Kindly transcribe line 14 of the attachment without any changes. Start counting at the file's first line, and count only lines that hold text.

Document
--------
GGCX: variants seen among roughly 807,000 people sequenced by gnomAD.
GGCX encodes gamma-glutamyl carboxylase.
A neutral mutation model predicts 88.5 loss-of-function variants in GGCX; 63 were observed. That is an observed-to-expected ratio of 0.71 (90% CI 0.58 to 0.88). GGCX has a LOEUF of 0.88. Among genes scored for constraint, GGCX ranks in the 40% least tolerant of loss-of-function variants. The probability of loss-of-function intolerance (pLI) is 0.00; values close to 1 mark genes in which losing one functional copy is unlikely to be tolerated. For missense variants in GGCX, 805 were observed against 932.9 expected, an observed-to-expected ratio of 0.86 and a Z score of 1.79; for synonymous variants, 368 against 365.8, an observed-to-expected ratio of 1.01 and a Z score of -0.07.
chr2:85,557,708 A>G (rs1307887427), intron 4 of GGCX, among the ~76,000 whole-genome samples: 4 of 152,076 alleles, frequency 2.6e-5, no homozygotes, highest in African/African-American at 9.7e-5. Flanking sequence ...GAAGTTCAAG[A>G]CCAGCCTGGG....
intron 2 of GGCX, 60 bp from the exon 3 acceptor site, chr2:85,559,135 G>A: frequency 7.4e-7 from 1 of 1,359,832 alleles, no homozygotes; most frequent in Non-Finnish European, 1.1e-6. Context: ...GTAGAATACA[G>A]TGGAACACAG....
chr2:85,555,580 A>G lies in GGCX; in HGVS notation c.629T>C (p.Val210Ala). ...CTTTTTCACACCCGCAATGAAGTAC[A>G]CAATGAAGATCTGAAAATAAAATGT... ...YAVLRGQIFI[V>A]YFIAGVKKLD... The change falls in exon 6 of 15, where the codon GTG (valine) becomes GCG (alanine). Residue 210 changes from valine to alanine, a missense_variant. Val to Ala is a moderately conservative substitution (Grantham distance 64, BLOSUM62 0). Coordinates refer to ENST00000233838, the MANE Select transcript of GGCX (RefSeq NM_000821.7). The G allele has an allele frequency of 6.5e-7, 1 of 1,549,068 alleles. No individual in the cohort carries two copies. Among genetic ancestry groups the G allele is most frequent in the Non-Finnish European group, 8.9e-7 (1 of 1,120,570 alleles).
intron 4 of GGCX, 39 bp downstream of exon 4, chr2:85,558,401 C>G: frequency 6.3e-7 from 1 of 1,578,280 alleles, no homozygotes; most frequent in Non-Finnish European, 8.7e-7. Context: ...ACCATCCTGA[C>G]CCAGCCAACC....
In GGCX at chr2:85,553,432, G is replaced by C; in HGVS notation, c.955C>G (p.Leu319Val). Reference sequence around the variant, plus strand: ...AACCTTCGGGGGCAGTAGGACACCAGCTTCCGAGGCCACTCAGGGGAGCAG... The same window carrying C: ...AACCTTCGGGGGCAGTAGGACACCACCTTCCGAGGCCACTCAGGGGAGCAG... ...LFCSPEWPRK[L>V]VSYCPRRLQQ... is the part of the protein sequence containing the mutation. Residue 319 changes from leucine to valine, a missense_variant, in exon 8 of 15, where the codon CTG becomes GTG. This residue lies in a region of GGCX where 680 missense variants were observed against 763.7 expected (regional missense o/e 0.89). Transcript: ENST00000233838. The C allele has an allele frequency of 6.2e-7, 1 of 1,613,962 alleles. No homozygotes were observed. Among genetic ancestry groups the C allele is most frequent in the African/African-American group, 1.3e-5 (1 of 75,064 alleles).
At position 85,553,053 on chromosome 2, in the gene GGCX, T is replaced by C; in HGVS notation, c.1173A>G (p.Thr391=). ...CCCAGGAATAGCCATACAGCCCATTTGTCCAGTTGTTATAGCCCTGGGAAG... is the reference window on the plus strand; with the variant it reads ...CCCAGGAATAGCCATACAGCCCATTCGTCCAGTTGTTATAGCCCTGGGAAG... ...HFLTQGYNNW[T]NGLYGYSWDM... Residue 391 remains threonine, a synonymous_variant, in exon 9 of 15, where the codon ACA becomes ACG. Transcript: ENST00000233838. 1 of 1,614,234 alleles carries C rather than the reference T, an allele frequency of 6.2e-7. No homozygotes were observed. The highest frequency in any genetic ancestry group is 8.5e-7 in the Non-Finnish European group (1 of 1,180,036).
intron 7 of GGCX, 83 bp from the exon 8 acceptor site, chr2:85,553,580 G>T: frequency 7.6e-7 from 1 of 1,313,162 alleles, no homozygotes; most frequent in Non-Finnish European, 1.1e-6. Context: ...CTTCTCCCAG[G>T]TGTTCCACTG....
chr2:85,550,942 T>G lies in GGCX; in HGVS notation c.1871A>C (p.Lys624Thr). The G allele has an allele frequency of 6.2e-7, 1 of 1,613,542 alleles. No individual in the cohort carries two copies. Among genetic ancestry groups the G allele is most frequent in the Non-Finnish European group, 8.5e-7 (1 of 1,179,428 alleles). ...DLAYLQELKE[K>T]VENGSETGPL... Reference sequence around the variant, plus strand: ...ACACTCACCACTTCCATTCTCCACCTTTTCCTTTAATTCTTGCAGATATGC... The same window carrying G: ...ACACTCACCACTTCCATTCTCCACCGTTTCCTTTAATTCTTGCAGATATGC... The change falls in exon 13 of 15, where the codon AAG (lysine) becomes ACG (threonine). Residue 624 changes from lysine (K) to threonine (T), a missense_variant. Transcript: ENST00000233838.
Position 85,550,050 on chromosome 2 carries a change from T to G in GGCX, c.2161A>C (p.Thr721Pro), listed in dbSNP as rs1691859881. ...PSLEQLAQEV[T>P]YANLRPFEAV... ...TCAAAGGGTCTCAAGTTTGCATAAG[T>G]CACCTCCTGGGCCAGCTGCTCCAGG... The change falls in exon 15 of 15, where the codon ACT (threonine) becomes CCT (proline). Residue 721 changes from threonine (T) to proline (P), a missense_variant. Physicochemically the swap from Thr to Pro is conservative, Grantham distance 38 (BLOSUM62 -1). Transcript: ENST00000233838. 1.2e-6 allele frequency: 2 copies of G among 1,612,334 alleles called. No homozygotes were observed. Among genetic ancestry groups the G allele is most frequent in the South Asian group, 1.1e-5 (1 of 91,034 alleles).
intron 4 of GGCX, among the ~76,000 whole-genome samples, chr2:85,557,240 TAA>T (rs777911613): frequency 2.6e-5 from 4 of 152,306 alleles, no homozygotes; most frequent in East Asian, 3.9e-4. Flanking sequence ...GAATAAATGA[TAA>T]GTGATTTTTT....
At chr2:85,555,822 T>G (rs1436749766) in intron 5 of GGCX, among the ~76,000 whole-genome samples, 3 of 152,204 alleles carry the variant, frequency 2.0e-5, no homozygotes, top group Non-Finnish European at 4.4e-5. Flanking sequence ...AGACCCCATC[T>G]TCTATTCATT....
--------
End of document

At chr2:85,555,822 T>G (rs1436749766) in intron 5 of GGCX, among the ~76,000 whole-genome samples, 3 of 152,204 alleles carry the variant, frequency 2.0e-5, no homozygotes, top group Non-Finnish European at 4.4e-5. Flanking sequence ...AGACCCCATC[T>G]TCTATTCATT....